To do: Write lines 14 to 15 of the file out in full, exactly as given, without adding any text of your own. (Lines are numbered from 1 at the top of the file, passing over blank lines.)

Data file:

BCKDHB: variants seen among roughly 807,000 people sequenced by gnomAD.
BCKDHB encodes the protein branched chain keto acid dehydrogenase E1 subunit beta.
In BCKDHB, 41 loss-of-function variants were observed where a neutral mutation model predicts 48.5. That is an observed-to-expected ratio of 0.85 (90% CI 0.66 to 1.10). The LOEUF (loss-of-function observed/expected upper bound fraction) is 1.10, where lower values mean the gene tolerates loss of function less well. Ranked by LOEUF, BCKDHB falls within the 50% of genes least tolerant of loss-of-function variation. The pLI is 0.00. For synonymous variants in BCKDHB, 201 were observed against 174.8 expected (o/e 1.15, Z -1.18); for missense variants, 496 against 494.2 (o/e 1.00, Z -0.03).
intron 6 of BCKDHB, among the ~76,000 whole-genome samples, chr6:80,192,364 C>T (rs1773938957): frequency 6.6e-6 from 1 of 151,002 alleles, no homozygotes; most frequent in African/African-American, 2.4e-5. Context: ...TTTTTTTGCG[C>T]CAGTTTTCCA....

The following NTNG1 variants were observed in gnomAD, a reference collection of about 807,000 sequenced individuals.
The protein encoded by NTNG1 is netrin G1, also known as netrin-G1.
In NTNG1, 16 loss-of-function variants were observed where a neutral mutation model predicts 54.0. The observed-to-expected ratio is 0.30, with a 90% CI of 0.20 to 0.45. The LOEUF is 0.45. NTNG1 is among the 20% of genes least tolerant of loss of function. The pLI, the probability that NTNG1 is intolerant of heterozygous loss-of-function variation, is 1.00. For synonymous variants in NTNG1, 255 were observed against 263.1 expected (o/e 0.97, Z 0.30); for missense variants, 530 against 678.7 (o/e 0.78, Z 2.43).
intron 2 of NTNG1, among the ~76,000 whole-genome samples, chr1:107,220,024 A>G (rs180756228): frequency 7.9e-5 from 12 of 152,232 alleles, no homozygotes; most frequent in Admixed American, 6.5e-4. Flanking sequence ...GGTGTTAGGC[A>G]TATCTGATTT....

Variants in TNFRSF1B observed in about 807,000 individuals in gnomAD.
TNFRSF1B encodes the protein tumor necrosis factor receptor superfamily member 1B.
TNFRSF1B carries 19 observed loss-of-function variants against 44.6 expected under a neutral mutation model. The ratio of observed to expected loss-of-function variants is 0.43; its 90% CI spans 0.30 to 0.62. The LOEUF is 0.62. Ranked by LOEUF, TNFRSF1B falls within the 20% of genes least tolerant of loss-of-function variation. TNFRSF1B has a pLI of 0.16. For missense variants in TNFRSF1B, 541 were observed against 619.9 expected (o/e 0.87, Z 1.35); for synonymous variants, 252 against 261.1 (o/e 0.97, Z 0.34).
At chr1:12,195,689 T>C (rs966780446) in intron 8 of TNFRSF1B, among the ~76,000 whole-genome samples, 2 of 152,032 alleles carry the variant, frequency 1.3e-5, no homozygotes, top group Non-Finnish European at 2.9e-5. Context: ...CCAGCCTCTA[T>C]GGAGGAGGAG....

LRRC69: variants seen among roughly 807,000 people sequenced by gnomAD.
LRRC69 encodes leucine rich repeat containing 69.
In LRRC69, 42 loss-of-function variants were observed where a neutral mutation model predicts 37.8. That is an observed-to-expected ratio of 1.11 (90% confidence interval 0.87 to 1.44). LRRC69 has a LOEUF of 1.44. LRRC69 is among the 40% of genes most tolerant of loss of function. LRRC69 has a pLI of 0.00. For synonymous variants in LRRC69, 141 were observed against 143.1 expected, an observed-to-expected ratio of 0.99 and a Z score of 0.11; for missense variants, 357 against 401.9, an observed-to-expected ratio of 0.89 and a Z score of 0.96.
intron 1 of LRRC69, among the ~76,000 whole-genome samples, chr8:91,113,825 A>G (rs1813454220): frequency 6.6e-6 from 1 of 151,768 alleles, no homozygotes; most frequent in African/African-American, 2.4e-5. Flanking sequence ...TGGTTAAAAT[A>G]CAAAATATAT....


LRRC69 encodes leucine rich repeat containing 69.
In LRRC69, 42 loss-of-function variants were observed where a neutral mutation model predicts 37.8. That is an observed-to-expected ratio of 1.11 (90% confidence interval 0.87 to 1.44). LRRC69 has a LOEUF of 1.44. LRRC69 is among the 40% of genes most tolerant of loss of function. LRRC69 has a pLI of 0.00. For synonymous variants in LRRC69, 141 were observed against 143.1 expected, an observed-to-expected ratio of 0.99 and a Z score of 0.11; for missense variants, 357 against 401.9, an observed-to-expected ratio of 0.89 and a Z score of 0.96.